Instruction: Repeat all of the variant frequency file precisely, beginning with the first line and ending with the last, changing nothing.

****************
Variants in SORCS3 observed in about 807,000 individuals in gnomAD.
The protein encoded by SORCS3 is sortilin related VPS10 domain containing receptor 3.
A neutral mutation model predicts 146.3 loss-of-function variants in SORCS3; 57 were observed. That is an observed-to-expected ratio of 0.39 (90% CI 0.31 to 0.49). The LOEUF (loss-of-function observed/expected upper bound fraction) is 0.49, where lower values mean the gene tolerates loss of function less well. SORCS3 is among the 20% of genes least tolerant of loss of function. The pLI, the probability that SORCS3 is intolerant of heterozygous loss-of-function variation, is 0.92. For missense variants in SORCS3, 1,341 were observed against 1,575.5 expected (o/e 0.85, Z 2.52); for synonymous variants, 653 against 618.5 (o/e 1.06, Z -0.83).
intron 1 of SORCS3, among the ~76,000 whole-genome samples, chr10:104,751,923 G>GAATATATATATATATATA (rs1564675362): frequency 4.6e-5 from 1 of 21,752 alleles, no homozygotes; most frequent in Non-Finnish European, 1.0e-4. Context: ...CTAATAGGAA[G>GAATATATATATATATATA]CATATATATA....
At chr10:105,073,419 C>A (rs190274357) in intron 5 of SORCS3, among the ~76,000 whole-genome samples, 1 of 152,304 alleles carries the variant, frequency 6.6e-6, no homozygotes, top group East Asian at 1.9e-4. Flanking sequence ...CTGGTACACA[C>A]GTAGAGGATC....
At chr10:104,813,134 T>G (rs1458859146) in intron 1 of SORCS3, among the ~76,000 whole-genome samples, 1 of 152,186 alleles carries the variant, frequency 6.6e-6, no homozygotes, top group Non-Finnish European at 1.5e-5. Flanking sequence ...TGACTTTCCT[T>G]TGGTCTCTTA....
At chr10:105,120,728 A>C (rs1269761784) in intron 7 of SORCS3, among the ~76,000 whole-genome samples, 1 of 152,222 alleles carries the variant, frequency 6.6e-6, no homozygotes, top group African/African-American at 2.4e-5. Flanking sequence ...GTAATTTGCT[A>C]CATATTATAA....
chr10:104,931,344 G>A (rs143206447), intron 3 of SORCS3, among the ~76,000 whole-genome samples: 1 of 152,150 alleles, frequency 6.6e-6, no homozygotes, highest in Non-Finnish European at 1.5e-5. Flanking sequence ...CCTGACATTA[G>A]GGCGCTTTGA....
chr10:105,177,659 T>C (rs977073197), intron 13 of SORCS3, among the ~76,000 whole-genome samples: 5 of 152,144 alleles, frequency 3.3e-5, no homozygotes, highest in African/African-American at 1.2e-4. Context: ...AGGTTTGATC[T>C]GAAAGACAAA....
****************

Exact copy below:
Variants in SORCS3 observed in about 807,000 individuals in gnomAD.
The protein encoded by SORCS3 is sortilin related VPS10 domain containing receptor 3.
A neutral mutation model predicts 146.3 loss-of-function variants in SORCS3; 57 were observed. That is an observed-to-expected ratio of 0.39 (90% CI 0.31 to 0.49). The LOEUF (loss-of-function observed/expected upper bound fraction) is 0.49, where lower values mean the gene tolerates loss of function less well. SORCS3 is among the 20% of genes least tolerant of loss of function. The pLI, the probability that SORCS3 is intolerant of heterozygous loss-of-function variation, is 0.92. For missense variants in SORCS3, 1,341 were observed against 1,575.5 expected (o/e 0.85, Z 2.52); for synonymous variants, 653 against 618.5 (o/e 1.06, Z -0.83).
intron 1 of SORCS3, among the ~76,000 whole-genome samples, chr10:104,751,923 G>GAATATATATATATATATA (rs1564675362): frequency 4.6e-5 from 1 of 21,752 alleles, no homozygotes; most frequent in Non-Finnish European, 1.0e-4. Context: ...CTAATAGGAA[G>GAATATATATATATATATA]CATATATATA....
At chr10:105,073,419 C>A (rs190274357) in intron 5 of SORCS3, among the ~76,000 whole-genome samples, 1 of 152,304 alleles carries the variant, frequency 6.6e-6, no homozygotes, top group East Asian at 1.9e-4. Flanking sequence ...CTGGTACACA[C>A]GTAGAGGATC....
At chr10:104,813,134 T>G (rs1458859146) in intron 1 of SORCS3, among the ~76,000 whole-genome samples, 1 of 152,186 alleles carries the variant, frequency 6.6e-6, no homozygotes, top group Non-Finnish European at 1.5e-5. Flanking sequence ...TGACTTTCCT[T>G]TGGTCTCTTA....
At chr10:105,120,728 A>C (rs1269761784) in intron 7 of SORCS3, among the ~76,000 whole-genome samples, 1 of 152,222 alleles carries the variant, frequency 6.6e-6, no homozygotes, top group African/African-American at 2.4e-5. Flanking sequence ...GTAATTTGCT[A>C]CATATTATAA....
chr10:104,931,344 G>A (rs143206447), intron 3 of SORCS3, among the ~76,000 whole-genome samples: 1 of 152,150 alleles, frequency 6.6e-6, no homozygotes, highest in Non-Finnish European at 1.5e-5. Flanking sequence ...CCTGACATTA[G>A]GGCGCTTTGA....
chr10:105,177,659 T>C (rs977073197), intron 13 of SORCS3, among the ~76,000 whole-genome samples: 5 of 152,144 alleles, frequency 3.3e-5, no homozygotes, highest in African/African-American at 1.2e-4. Context: ...AGGTTTGATC[T>C]GAAAGACAAA....